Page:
Choosing a favorite Laymon novel is a spurious decision at best because Dick had something special to offer in each one of his works. His earlier, shorter books like THE CELLAR and THE WOODS ARE DARK brought in a wave of change in the horror industry. These stories are wild, frenetic, savage, and yet, despite some of the most vicious scenes in modern horror literature, they're amusing as hell. Over-the-top gore but droll to the nth power. Academics usually believe that if prose shows the writer's hand, it's somehow weakened or poorly crafted. But with Dick you could actually feel him having fun on the page-sometimes you could damn near hear him laughing. And that only served both the writing and the reader.

Later novels such as RESURRECTION DREAMS, FUNLAND, and ISLAND offered longer, more complex plot lines with a larger cast of strange characters, each with his own backstory. Dick often spoke of using the "infinite backstory" technique to follow new protagonists and villains into their own bizarre and tormented histories. In these books that method works perfectly.

Taking all of that into account, I might have to choose NIGHT IN THE LONESOME OCTOBER as the novel that touched me the most. I feel that it incorporates all of Dick's strengths as a writer. The story is lean, poignant, moving, weird, dark, and filled with those moments of terror that only refine the beauty of the rest of the story. More than that, it's both an honest and sensitive portrayal of a young man in search of himself who undergoes a heartfelt rite of passage. This is a literate, powerful, and stirring novel that might very well be Dick's masterpiece.



STEVE GERLACH (site editor - Richard Laymon Kills!) :

My favourite Laymon is THE WOODS ARE DARK.

Why? It's simple really...

THE WOODS ARE DARK was my very first Laymon novel. Before that I was a "Laymon virgin." I used to hang out with the Koontz and King packs, thinking I was cool and knowing what horror really was about. Boy, was I wrong!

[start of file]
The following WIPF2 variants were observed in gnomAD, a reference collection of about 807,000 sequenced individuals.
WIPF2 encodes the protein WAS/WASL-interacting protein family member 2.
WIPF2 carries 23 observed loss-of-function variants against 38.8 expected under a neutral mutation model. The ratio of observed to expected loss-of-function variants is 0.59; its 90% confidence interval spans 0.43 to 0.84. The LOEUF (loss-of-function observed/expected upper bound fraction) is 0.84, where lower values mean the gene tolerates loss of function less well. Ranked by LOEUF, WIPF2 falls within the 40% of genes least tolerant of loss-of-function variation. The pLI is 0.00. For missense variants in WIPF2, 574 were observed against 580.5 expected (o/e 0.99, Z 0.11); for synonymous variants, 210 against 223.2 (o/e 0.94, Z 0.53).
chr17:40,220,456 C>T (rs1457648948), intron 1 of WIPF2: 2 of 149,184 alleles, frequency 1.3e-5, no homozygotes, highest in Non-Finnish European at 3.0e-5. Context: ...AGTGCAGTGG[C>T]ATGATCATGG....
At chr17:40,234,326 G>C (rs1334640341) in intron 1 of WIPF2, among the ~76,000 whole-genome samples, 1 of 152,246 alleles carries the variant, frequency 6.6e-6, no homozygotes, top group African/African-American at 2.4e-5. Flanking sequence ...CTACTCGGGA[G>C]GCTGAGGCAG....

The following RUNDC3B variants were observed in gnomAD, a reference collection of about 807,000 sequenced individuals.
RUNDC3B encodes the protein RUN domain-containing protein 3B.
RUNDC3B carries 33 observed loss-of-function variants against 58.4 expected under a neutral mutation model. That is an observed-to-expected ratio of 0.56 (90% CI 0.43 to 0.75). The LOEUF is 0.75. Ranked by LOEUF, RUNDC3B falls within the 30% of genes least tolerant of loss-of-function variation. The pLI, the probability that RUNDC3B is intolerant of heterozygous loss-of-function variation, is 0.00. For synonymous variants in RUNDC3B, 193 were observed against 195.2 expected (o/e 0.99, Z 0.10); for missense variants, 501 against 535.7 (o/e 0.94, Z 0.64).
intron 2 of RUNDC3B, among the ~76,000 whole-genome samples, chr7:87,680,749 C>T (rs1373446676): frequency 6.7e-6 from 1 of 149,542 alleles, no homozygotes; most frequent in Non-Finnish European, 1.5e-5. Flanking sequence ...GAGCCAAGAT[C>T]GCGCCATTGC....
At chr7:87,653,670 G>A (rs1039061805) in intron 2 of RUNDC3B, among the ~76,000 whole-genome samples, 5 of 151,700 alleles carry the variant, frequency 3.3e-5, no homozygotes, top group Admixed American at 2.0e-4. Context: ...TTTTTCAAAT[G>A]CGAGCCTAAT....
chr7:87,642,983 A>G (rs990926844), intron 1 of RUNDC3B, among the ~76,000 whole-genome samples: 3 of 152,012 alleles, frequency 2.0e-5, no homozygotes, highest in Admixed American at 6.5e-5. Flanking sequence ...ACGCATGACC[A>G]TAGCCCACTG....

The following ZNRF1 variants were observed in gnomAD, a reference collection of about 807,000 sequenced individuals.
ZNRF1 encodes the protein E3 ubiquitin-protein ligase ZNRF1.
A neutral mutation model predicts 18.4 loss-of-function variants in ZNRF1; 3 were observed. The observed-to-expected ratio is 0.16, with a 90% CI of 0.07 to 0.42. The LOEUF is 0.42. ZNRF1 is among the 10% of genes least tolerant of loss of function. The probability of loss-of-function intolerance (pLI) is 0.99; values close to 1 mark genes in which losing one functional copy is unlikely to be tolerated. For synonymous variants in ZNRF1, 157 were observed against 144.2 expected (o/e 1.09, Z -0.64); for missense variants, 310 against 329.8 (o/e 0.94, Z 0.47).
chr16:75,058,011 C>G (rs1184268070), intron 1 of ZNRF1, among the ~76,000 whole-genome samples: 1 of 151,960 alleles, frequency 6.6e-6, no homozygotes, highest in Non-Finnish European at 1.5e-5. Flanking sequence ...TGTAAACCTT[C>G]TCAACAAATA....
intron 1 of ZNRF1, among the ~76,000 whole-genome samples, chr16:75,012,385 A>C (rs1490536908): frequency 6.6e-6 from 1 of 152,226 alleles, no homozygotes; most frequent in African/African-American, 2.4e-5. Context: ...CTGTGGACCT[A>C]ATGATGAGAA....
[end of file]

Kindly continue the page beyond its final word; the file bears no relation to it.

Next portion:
I still remember staring at the shelves at Minotaur Books in Melbourne, Australia, checking out the latest King and Koontz releases. After K comes L. There was Laymon, sitting right next to Koontz. Hodder Headline had given him the same cover style and design as Koontz, and he looked like he'd be worth the read.

"What the hell," I thought as I looked around, making sure none of the King or Koontz guys were watching. "They'll never know I tried *this* guy."

The rest is history.

THE WOODS ARE DARK was the novel that brought Richard Laymon into my life. It had everything I was looking for in a novel: terrific characters, a non-stop storyline and twists on almost every page. I started reading and just couldn't put the damn thing down.

And when I was finished a few hours later, I never looked back.

THE WOODS ARE DARK showed me that this Laymon guy was an author I needed to read. I had to get all his books. This was a guy whose story-telling ability was second to none. This was a guy who wrote the stories I wanted to read, without all the padding, flashbacks or pages of description. His stories began on page one, not on page 267.

Just the story, Ma'am, with blood, violence and gore. Who could ask for more?

THE WOODS ARE DARK is not everyone's favourite, that's true. But it sure is mine. It's the first time in my life I got the "Laymon Buzz" running up and down my spine. The first time I found an author who told a story exactly how I thought it should be told. The first time I had contact with Dick, the man I would go on to become good friends with.

It's my personal favourite. I mean, let's face it, you never forget your first time, right?



BRIAN KEENE :